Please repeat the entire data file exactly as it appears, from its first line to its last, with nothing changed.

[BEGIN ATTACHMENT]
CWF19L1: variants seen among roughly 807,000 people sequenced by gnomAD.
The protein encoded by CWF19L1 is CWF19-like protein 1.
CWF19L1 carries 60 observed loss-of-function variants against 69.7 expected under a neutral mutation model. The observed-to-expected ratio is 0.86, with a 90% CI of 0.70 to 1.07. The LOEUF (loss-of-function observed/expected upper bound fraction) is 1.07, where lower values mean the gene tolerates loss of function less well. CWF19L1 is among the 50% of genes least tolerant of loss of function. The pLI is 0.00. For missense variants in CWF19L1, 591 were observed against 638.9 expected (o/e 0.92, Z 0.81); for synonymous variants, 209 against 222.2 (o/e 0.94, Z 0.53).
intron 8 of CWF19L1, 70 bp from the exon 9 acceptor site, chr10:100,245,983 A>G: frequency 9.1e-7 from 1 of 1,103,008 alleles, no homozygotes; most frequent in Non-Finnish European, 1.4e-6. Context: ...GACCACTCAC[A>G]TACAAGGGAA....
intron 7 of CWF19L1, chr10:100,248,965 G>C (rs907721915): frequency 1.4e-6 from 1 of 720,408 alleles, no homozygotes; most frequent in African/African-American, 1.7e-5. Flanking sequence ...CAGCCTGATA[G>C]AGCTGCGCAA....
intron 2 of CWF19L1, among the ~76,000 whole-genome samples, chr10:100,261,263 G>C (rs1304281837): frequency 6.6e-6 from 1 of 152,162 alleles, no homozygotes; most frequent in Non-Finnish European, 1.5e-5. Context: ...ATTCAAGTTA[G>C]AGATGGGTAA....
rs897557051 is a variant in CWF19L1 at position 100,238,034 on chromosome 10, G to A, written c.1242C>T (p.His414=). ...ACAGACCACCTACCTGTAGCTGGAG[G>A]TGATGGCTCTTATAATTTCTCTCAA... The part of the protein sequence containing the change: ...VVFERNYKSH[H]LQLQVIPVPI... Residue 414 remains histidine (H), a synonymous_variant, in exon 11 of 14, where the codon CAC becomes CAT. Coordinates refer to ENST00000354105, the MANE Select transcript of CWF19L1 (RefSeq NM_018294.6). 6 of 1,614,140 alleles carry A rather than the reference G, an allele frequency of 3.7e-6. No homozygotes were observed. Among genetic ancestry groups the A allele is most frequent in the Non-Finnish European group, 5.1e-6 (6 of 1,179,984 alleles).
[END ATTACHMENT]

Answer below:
CWF19L1: variants seen among roughly 807,000 people sequenced by gnomAD.
The protein encoded by CWF19L1 is CWF19-like protein 1.
CWF19L1 carries 60 observed loss-of-function variants against 69.7 expected under a neutral mutation model. The observed-to-expected ratio is 0.86, with a 90% CI of 0.70 to 1.07. The LOEUF (loss-of-function observed/expected upper bound fraction) is 1.07, where lower values mean the gene tolerates loss of function less well. CWF19L1 is among the 50% of genes least tolerant of loss of function. The pLI is 0.00. For missense variants in CWF19L1, 591 were observed against 638.9 expected (o/e 0.92, Z 0.81); for synonymous variants, 209 against 222.2 (o/e 0.94, Z 0.53).
intron 8 of CWF19L1, 70 bp from the exon 9 acceptor site, chr10:100,245,983 A>G: frequency 9.1e-7 from 1 of 1,103,008 alleles, no homozygotes; most frequent in Non-Finnish European, 1.4e-6. Context: ...GACCACTCAC[A>G]TACAAGGGAA....
intron 7 of CWF19L1, chr10:100,248,965 G>C (rs907721915): frequency 1.4e-6 from 1 of 720,408 alleles, no homozygotes; most frequent in African/African-American, 1.7e-5. Flanking sequence ...CAGCCTGATA[G>C]AGCTGCGCAA....
intron 2 of CWF19L1, among the ~76,000 whole-genome samples, chr10:100,261,263 G>C (rs1304281837): frequency 6.6e-6 from 1 of 152,162 alleles, no homozygotes; most frequent in Non-Finnish European, 1.5e-5. Context: ...ATTCAAGTTA[G>C]AGATGGGTAA....
rs897557051 is a variant in CWF19L1 at position 100,238,034 on chromosome 10, G to A, written c.1242C>T (p.His414=). ...ACAGACCACCTACCTGTAGCTGGAG[G>A]TGATGGCTCTTATAATTTCTCTCAA... The part of the protein sequence containing the change: ...VVFERNYKSH[H]LQLQVIPVPI... Residue 414 remains histidine (H), a synonymous_variant, in exon 11 of 14, where the codon CAC becomes CAT. Coordinates refer to ENST00000354105, the MANE Select transcript of CWF19L1 (RefSeq NM_018294.6). 6 of 1,614,140 alleles carry A rather than the reference G, an allele frequency of 3.7e-6. No homozygotes were observed. Among genetic ancestry groups the A allele is most frequent in the Non-Finnish European group, 5.1e-6 (6 of 1,179,984 alleles).